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NLRP12 gene

NLR family pyrin domain containing 12

Normal Function

The NLRP12 gene provides instructions for making a protein called monarch-1. Monarch-1 is a member of a family of proteins called intracellular "NOD-like" receptor (NLR) proteins. Monarch-1 is found mainly in certain types of white blood cells.

NLR proteins are involved in the immune system, helping to control the immune system's response to injury, toxins, or foreign invaders. The monarch-1 protein is involved in an immune process known as inflammation. Inflammation occurs when the immune system sends signaling molecules and white blood cells to a site of injury or disease to fight foreign invaders and help with tissue repair. After this has been accomplished, stopping the inflammatory response helps to prevent damage to the body's own cells and tissues.

Monarch-1 primarily stops (inhibits) inflammation by blocking the release of specific molecules that are involved in the process. However, monarch-1 can also promote the production of proteins that trigger inflammation when certain molecules are present. 

Health Conditions Related to Genetic Changes

Familial cold autoinflammatory syndrome type 2

At least 20 variants (also known as mutations) in the NLRP12 gene have been found to cause familial cold autoinflammatory syndrome type 2. This condition causes episodes of fever, skin rash, and joint pain, often in response to cold temperatures.

Many of the NLRP12 gene variants that cause familial cold autoinflammatory syndrome type 2 are in a region of the gene known as exon 3. Most NLRP12 gene variants appear to reduce the ability of the monarch-1 protein to inhibit inflammation, resulting in an unusually long  inflammatory response. However, research shows that other variants increase the protein's ability to trigger inflammatory responses, even when there is no injury or disease.

Impairment of the body's mechanisms for controlling inflammation results in the episodes of skin rash, fever, and joint pain seen in familial cold autoinflammatory syndrome type 2. It is unclear why episodes can be triggered by cold exposure in this disorder.

Additional changes in the NLRP12 gene or changes in other genes may influence the severity of familial cold autoinflammatory syndrome type 2, but little is known about how these changes contribute to the condition.

In some families, individuals with an NLRP12 gene variant may develop familial cold autoinflammatory syndrome type 2 but others with the mutation do not, which is a situation known as reduced penetrance.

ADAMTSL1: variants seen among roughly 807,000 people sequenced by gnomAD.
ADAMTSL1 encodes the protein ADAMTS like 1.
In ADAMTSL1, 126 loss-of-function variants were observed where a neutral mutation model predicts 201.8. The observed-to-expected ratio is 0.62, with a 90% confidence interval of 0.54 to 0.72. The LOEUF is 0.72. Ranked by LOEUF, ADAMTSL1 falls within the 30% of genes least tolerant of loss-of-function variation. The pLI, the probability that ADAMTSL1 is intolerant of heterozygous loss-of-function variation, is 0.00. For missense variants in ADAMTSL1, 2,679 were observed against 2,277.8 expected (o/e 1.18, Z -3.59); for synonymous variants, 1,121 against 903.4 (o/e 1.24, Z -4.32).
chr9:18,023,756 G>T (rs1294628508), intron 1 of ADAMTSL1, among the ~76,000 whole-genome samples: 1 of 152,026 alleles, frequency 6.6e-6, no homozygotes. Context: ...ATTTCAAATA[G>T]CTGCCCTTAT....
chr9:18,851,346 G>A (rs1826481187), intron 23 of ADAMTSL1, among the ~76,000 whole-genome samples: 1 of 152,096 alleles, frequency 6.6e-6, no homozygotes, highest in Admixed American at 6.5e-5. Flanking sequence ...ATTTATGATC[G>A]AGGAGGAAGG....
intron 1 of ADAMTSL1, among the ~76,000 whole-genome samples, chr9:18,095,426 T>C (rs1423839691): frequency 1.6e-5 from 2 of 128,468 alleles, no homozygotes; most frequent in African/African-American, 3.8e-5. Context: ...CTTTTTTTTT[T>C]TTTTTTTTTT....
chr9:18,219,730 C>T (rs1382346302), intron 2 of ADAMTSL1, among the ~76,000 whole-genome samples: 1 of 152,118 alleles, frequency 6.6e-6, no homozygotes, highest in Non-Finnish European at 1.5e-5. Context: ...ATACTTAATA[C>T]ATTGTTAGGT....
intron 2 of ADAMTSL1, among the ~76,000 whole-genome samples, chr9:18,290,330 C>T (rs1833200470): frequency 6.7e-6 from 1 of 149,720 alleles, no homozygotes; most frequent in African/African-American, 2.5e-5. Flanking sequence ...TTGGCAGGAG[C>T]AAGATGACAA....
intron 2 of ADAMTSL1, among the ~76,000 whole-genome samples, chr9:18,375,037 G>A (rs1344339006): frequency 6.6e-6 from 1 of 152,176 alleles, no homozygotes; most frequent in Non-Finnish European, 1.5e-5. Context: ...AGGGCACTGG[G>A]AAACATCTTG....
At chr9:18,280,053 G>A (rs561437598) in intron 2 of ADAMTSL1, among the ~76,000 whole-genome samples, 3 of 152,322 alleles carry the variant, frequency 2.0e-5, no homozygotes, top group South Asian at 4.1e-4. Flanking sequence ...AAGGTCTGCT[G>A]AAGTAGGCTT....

More About This Health Condition

Other Names for This Gene

  • monarch 1
  • Monarch1
  • NACHT, leucine rich repeat and PYD containing 12
  • NACHT, LRR and PYD containing protein 12
  • NALP12
  • NLR family, pyrin domain containing 12
  • nucleotide-binding oligomerization domain, leucine rich repeat and pyrin domain containing 12
  • PAN6
  • PYPAF7
  • PYRIN-containing APAF1-like protein 7

Additional Information & Resources

Tests Listed in the Genetic Testing Registry

Scientific Articles on PubMed

Catalog of Genes and Diseases from OMIM

Gene and Variant Databases


  • Ayla AY, Eren H, Zare J, Calhan SS, Karacan I, Seven M, Ugurlu S. A rare case of an NLRP12-associated autoinflammatory disease. Eur J Med Genet. 2021 Apr;64(4):104168. doi: 10.1016/j.ejmg.2021.104168. Epub 2021 Mar 3. Citation on PubMed
  • Del Porto F, Cifani N, Proietta M, Verrecchia E, Di Rosa R, Manna R, Chiurazzi P. NLRP12 gene mutations and auto-inflammatory diseases: ever-changing evidence. Rheumatology (Oxford). 2020 Nov 1;59(11):3129-3136. doi: 10.1093/rheumatology/keaa304. Citation on PubMed
  • Gupta L, Ahmed S, Singh B, Prakash S, Phadke S, Aggarwal A. Novel NLRP12 variant presenting with familial cold autoimmunity syndrome phenotype. Ann Rheum Dis. 2021 Jul;80(7):e117. doi: 10.1136/annrheumdis-2019-216158. Epub 2019 Aug 24. No abstract available. Citation on PubMed
  • Jeru I, Duquesnoy P, Fernandes-Alnemri T, Cochet E, Yu JW, Lackmy-Port-Lis M, Grimprel E, Landman-Parker J, Hentgen V, Marlin S, McElreavey K, Sarkisian T, Grateau G, Alnemri ES, Amselem S. Mutations in NALP12 cause hereditary periodic fever syndromes. Proc Natl Acad Sci U S A. 2008 Feb 5;105(5):1614-9. doi: 10.1073/pnas.0708616105. Epub 2008 Jan 29. Citation on PubMed or Free article on PubMed Central
  • Wang W, Zhou Y, Zhong LQ, Li Z, Jian S, Tang XY, Song HM. The clinical phenotype and genotype of NLRP12-autoinflammatory disease: a Chinese case series with literature review. World J Pediatr. 2020 Oct;16(5):514-519. doi: 10.1007/s12519-019-00294-8. Epub 2019 Dec 9. Citation on PubMed

The information on this site should not be used as a substitute for professional medical care or advice. Contact a health care provider if you have questions about your health.